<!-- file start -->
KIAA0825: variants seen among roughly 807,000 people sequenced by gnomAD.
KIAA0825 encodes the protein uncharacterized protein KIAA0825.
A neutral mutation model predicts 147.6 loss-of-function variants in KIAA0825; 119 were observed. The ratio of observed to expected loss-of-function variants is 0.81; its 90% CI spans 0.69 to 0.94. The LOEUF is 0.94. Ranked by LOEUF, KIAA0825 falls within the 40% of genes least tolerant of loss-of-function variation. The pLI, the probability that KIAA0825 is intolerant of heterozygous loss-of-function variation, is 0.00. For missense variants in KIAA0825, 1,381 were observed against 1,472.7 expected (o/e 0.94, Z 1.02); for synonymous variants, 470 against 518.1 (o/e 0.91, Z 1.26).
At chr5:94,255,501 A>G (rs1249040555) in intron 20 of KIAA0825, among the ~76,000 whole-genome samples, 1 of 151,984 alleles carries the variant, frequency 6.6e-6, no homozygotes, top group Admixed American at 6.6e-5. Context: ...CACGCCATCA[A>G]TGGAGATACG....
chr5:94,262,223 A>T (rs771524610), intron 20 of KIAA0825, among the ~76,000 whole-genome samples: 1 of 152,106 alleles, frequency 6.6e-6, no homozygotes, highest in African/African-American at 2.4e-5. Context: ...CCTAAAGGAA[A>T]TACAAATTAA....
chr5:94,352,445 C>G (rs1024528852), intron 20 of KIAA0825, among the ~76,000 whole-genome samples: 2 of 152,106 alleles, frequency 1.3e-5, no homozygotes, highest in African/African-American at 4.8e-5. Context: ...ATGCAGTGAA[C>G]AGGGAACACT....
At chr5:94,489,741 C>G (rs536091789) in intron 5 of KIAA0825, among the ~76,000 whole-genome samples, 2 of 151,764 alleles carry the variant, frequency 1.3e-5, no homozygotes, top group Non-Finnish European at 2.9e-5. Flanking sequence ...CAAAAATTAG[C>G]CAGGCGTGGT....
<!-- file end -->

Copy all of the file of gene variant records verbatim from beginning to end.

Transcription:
KIAA0825: variants seen among roughly 807,000 people sequenced by gnomAD.
KIAA0825 encodes the protein uncharacterized protein KIAA0825.
A neutral mutation model predicts 147.6 loss-of-function variants in KIAA0825; 119 were observed. The ratio of observed to expected loss-of-function variants is 0.81; its 90% CI spans 0.69 to 0.94. The LOEUF is 0.94. Ranked by LOEUF, KIAA0825 falls within the 40% of genes least tolerant of loss-of-function variation. The pLI, the probability that KIAA0825 is intolerant of heterozygous loss-of-function variation, is 0.00. For missense variants in KIAA0825, 1,381 were observed against 1,472.7 expected (o/e 0.94, Z 1.02); for synonymous variants, 470 against 518.1 (o/e 0.91, Z 1.26).
At chr5:94,255,501 A>G (rs1249040555) in intron 20 of KIAA0825, among the ~76,000 whole-genome samples, 1 of 151,984 alleles carries the variant, frequency 6.6e-6, no homozygotes, top group Admixed American at 6.6e-5. Context: ...CACGCCATCA[A>G]TGGAGATACG....
chr5:94,262,223 A>T (rs771524610), intron 20 of KIAA0825, among the ~76,000 whole-genome samples: 1 of 152,106 alleles, frequency 6.6e-6, no homozygotes, highest in African/African-American at 2.4e-5. Context: ...CCTAAAGGAA[A>T]TACAAATTAA....
chr5:94,352,445 C>G (rs1024528852), intron 20 of KIAA0825, among the ~76,000 whole-genome samples: 2 of 152,106 alleles, frequency 1.3e-5, no homozygotes, highest in African/African-American at 4.8e-5. Context: ...ATGCAGTGAA[C>G]AGGGAACACT....
At chr5:94,489,741 C>G (rs536091789) in intron 5 of KIAA0825, among the ~76,000 whole-genome samples, 2 of 151,764 alleles carry the variant, frequency 1.3e-5, no homozygotes, top group Non-Finnish European at 2.9e-5. Flanking sequence ...CAAAAATTAG[C>G]CAGGCGTGGT....